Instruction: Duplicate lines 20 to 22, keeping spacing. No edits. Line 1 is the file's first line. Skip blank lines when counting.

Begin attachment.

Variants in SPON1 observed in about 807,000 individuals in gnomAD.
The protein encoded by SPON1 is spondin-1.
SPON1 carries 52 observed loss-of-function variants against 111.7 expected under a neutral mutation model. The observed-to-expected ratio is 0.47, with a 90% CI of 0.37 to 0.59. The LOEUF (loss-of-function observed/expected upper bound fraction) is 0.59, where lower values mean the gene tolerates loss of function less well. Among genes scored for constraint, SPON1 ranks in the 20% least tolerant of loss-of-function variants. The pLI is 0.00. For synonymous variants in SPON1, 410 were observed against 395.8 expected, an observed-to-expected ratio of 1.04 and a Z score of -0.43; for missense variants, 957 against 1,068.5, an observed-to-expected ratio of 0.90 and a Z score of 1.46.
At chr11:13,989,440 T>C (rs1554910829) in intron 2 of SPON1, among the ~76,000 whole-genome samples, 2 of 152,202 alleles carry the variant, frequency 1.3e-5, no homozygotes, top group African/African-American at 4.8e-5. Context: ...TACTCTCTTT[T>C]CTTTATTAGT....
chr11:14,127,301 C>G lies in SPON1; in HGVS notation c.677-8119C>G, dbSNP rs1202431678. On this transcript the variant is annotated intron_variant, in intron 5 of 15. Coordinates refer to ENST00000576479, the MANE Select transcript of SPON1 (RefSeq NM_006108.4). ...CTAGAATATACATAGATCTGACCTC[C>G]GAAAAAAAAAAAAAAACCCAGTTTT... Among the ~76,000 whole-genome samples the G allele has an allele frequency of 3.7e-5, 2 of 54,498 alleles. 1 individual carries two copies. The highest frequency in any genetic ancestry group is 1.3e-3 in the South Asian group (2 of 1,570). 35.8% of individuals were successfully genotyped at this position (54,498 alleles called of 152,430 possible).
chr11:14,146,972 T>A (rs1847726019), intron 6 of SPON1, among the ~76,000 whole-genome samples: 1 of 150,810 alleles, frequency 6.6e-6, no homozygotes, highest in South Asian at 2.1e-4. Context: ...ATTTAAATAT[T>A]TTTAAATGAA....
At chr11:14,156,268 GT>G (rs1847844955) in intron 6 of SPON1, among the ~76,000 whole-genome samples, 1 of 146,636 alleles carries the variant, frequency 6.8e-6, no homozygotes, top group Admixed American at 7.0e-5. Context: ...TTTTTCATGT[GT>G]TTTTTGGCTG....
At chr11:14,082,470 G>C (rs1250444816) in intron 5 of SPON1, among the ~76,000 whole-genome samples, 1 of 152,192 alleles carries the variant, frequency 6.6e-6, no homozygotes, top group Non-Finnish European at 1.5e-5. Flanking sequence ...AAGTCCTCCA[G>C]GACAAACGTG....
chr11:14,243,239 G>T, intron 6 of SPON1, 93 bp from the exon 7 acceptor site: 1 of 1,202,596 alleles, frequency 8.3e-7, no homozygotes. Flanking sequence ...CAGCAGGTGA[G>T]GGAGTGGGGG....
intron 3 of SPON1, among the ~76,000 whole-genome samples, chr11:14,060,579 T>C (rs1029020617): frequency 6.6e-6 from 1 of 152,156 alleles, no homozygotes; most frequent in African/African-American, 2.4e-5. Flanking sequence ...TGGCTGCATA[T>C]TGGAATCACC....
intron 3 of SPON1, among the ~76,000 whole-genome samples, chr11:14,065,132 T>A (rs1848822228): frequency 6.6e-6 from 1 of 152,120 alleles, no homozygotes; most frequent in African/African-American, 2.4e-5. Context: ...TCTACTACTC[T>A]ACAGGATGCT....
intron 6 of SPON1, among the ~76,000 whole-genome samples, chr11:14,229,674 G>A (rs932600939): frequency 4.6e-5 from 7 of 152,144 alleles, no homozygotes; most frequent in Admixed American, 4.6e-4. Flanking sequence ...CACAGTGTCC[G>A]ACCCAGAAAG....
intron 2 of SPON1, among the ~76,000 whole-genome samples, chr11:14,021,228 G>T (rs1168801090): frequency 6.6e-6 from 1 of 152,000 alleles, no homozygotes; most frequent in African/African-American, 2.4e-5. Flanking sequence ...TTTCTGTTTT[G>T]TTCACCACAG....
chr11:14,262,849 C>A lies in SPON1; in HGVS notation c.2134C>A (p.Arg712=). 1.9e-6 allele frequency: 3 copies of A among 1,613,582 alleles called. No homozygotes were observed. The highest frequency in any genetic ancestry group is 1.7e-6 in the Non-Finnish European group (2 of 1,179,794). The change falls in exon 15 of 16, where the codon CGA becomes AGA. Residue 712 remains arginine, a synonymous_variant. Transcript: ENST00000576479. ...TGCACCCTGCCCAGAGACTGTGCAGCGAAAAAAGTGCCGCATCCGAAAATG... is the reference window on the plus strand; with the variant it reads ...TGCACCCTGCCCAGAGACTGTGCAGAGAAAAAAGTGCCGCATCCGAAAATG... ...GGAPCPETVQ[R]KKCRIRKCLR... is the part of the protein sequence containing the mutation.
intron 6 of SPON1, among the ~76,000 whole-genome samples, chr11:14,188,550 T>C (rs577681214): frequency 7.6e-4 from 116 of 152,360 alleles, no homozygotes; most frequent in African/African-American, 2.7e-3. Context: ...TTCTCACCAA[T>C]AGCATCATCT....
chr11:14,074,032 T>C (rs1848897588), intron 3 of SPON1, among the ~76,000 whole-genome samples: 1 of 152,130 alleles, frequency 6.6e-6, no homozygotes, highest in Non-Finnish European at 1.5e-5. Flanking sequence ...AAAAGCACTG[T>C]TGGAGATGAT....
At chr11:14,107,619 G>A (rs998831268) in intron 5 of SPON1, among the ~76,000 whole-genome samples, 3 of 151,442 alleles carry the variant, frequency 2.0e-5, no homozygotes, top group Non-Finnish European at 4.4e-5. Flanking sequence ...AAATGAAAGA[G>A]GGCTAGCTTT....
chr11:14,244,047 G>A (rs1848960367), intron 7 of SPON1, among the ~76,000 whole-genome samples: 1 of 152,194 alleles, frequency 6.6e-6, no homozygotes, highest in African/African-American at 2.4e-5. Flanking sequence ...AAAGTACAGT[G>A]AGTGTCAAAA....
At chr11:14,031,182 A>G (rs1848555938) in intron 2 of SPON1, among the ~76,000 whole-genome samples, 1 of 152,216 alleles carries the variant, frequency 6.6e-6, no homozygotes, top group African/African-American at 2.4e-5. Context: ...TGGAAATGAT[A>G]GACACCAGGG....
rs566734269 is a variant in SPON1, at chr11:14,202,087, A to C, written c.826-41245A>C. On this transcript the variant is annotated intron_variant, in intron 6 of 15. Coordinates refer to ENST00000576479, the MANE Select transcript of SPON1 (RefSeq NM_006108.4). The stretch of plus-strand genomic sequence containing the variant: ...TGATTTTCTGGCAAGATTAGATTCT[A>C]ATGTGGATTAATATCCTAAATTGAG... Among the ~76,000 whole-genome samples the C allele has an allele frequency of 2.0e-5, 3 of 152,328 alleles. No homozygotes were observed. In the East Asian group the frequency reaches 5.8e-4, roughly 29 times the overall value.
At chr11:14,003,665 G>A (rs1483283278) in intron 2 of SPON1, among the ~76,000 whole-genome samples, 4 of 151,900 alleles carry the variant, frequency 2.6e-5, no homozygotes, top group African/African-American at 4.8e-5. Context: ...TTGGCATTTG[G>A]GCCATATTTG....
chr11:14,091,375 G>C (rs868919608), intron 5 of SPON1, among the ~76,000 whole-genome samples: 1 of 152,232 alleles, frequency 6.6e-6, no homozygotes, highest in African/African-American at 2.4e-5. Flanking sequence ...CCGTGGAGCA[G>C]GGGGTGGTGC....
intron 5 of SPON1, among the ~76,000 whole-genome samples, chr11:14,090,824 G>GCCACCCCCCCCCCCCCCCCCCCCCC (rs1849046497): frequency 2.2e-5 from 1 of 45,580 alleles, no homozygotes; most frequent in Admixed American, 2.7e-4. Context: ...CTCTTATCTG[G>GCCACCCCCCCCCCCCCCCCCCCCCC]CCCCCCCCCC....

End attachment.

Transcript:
rs566734269 is a variant in SPON1, at chr11:14,202,087, A to C, written c.826-41245A>C. On this transcript the variant is annotated intron_variant, in intron 6 of 15. Coordinates refer to ENST00000576479, the MANE Select transcript of SPON1 (RefSeq NM_006108.4). The stretch of plus-strand genomic sequence containing the variant: ...TGATTTTCTGGCAAGATTAGATTCT[A>C]ATGTGGATTAATATCCTAAATTGAG... Among the ~76,000 whole-genome samples the C allele has an allele frequency of 2.0e-5, 3 of 152,328 alleles. No homozygotes were observed. In the East Asian group the frequency reaches 5.8e-4, roughly 29 times the overall value.
At chr11:14,003,665 G>A (rs1483283278) in intron 2 of SPON1, among the ~76,000 whole-genome samples, 4 of 151,900 alleles carry the variant, frequency 2.6e-5, no homozygotes, top group African/African-American at 4.8e-5. Context: ...TTGGCATTTG[G>A]GCCATATTTG....
chr11:14,091,375 G>C (rs868919608), intron 5 of SPON1, among the ~76,000 whole-genome samples: 1 of 152,232 alleles, frequency 6.6e-6, no homozygotes, highest in African/African-American at 2.4e-5. Flanking sequence ...CCGTGGAGCA[G>C]GGGGTGGTGC....